Wheel blasting operates by using a high-rpm bladed wheel to deliver media to the surface being blasted. The media is delivered to the wheel where it is then accelerated centrifugally toward the surface. Wheel blasting can operate with almost any type of media but excels in efficiency over other techniques when using heavy media and shot.

    Air blasting can be accomplished via two methods: suction and pressure.

    Suction systems work on the premise that by passing air over an orifice (eduction), a vacuum is created that will draw media into the air stream. Pressure systems operate by feeding media directly into a pressurized air stream such that it then accelerates toward the surface to be blasted. Both systems carry a number of options that can be utilized to obtain a custom fit for almost any application. Air blasting is typically best suited for lighter-weight media that will respond well to air acceleration.

    Jim Klomparens, Abrasive Products, Grand Haven, MI says that one of the most critical parts of an air-based blasting system is the compressed air. If the compressor is not large enough to supply the required cubic feet per minute (cfm), the blasting equipment will not function properly. The cfm requirement is determined by the inside diameter of the blast nozzle and should be available from the manufacturer of the equipment.

    The air compressor should also have a cfm rating and will be stated as X cfm at Y psi (for example: 12 cfm at 80 psi). The importance of the compressor cannot be overemphasized. When properly matched with the blast equipment, it assures a consistent flow of abrasive and air. This consistency allows controlled finish results by increasing or decreasing the velocity at which the mixture impacts the parts. In essence, the air compressor will determine, for the most part, how well your blast equipment will work, says Klomparens.

    Wet blasting propels blast media in liquid suspension (slurry) onto the surface to be cleaned. The media used in these applications is generally small in diameter, as it must be suspended in the liquid. In some cases, thickeners like xanthan gum are used to allow heavier media to be adequately suspended.


    The media used to accomplish blast cleaning is far ranging. Abrasives are granular or powdered materials that will clean, cut, abrade, gouge or otherwise change the condition or appearance of the targeted surface. These abrasives may be a natural substance or one manufactured for blasting.

    A short list of choices includes CO2 snow and pellets, ice, baking soda, corncobs, walnut shells, plastics, glass, aluminum oxide, sand (silica), silicon carbide, steel grit, wire cuttings, and metal shot. The abrasive selected will greatly impact the speed and quality of the blast cleaning.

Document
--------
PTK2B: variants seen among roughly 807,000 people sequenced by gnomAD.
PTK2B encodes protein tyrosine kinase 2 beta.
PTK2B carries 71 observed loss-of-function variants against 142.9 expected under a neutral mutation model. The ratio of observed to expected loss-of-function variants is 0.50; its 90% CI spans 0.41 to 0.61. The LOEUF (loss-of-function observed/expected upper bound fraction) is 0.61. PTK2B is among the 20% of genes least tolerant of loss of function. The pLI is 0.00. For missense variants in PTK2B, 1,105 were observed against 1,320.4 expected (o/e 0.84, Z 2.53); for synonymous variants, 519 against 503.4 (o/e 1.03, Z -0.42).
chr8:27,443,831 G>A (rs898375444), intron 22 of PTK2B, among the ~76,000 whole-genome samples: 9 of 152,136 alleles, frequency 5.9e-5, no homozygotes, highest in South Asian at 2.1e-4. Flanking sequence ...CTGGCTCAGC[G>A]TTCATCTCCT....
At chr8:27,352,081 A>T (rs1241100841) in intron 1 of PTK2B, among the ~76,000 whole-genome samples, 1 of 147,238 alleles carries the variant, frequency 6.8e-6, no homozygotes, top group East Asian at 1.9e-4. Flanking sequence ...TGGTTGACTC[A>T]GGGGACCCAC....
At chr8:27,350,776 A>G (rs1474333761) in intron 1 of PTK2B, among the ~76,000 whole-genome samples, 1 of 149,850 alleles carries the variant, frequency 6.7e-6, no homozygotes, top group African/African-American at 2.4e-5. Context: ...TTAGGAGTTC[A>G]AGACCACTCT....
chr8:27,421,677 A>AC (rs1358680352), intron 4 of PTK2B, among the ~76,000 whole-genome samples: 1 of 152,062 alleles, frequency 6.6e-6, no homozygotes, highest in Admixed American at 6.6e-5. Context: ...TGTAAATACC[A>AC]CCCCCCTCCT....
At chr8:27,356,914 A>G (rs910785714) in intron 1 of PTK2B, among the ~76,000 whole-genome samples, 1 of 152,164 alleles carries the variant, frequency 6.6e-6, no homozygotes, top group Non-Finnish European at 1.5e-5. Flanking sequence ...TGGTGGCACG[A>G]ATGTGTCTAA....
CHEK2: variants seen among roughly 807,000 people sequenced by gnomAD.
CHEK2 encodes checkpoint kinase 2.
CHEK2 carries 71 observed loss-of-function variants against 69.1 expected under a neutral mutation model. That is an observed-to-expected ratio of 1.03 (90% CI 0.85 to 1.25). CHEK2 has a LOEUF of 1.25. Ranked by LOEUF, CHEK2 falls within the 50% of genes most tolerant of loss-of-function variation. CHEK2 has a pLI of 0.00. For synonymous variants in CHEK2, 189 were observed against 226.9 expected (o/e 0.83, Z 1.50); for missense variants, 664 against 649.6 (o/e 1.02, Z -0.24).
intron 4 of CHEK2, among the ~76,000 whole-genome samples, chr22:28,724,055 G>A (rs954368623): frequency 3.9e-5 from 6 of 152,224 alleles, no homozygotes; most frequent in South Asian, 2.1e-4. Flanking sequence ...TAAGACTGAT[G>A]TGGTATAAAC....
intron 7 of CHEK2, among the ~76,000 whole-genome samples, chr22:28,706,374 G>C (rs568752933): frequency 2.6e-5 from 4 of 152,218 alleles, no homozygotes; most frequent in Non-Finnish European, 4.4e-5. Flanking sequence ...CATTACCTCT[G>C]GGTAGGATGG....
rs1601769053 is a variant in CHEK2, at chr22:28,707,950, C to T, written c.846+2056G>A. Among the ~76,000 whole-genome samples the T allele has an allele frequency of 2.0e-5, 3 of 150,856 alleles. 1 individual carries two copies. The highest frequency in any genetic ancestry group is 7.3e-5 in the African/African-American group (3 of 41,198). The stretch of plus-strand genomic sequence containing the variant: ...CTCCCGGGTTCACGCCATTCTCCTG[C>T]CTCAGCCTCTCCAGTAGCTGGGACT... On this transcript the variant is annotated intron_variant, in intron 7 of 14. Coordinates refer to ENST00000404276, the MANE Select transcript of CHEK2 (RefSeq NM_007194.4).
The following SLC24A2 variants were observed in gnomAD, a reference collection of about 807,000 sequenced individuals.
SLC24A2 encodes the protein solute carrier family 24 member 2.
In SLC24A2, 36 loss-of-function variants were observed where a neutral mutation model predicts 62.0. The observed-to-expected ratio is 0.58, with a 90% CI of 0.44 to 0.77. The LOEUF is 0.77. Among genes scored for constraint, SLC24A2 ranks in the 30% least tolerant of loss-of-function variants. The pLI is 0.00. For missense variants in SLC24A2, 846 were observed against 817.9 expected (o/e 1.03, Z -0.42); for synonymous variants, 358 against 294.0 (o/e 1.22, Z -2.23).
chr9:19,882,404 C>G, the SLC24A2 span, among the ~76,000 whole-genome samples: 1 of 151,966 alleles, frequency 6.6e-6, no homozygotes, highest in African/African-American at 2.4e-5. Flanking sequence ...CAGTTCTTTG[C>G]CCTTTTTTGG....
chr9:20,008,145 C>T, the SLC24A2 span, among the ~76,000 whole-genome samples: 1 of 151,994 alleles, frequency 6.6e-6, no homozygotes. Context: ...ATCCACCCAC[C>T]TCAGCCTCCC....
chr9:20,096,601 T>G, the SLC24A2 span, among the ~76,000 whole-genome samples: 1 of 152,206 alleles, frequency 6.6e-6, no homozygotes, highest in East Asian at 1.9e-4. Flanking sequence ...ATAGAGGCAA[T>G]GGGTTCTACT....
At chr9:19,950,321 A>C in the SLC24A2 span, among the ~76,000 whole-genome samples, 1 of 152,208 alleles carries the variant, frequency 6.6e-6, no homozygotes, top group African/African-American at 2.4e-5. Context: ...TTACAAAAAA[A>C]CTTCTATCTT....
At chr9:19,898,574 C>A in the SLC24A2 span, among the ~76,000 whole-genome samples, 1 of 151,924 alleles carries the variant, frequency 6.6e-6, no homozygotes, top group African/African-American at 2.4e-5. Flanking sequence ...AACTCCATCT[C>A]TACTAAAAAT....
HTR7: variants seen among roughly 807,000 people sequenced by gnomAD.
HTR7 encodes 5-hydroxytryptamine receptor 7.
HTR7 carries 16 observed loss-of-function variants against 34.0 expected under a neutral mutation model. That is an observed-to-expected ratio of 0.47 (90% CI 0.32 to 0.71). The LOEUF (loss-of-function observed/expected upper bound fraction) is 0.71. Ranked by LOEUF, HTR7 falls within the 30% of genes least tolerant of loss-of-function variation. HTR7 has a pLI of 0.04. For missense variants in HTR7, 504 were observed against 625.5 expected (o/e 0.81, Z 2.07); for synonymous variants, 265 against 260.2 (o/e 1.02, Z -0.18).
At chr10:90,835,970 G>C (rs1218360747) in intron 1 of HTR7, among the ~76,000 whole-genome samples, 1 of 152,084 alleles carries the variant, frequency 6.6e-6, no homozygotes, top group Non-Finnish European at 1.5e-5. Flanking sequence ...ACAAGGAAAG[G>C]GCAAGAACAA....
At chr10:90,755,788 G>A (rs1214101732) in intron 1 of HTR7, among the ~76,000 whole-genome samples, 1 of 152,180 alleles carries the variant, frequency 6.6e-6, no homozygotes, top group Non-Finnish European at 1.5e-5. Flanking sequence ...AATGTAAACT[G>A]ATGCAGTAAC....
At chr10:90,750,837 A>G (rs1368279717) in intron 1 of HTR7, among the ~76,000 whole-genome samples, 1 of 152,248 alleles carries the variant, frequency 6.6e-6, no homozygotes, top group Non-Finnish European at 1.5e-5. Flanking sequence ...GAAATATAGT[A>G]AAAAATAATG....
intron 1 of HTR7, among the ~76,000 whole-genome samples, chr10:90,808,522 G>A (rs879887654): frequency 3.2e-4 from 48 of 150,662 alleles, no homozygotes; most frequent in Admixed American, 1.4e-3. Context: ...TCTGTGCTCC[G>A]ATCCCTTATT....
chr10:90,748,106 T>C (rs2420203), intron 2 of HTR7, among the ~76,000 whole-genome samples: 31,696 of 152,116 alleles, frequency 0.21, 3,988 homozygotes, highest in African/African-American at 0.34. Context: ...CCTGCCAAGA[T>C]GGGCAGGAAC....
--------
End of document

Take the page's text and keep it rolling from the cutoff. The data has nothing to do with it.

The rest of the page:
Factors that influence media selection include:

    • Tenacity of soil to be removed from surface
    • Recycling requirements
    • Environmental and worker compatibility
    • Safety
    • Media cost
    • Media disposability
    • Substrate sensitivity and type, and
    • The level of desired cleanliness.

      It is very important that the correct tool be chosen for the job. Six factors to consider when selecting an abrasive are outlined in "Abrasive Selection Factors," below.

      Media Recycling

      Manufacturers using blast cleaning can realize safety, environmental, and cost benefits of recycling and re-using blast media. Although they vary in style, almost every blast cleaning equipment manufacturer can provide some type of recycling system aimed at minimizing media losses.

      When considering a system, remember the key rule in any cleaning situation: make sure the right equipment is used for the application. Different types of media and delivery systems require different types of reclaim systems in order to operate at maximum cost and performance efficiency. Be sure your vendor knows the difference.


      As in all manufacturing processes, safety should be a primary concern. Blast cabinets used in production settings should have safety door interlocks, which shut off the blasting if the door is opened. Other safety considerations are:

    • Operator training
    • Static electricity generated by the friction of high-speed abrasives moving through blast hoses
    • Damage to hearing from noise generated by abrasive blast nozzles
    • Broken air lines and air fittings on air compressors
    • Injuries caused by failure of nozzles, blast hoses or couplings
    • Injuries while loading abrasives
    • Dust, including contaminants, from the cleaning process

      Suppliers of blast cleaning equipment and media offer technical support in specifying an appropriate blast cleaning system for a particular application.

      How is Blast Cleaning Used?

      Here are just some applications using blast cleaning technology.

      Aircraft: Clean and peen jet rotor blades and other precision parts. Clean welds, castings, manifolds, sub-assemblies, and parts before magna-fluxing or after heat-treating. Clean carbon from exhaust stacks to prevent fire and general aircraft maintenance.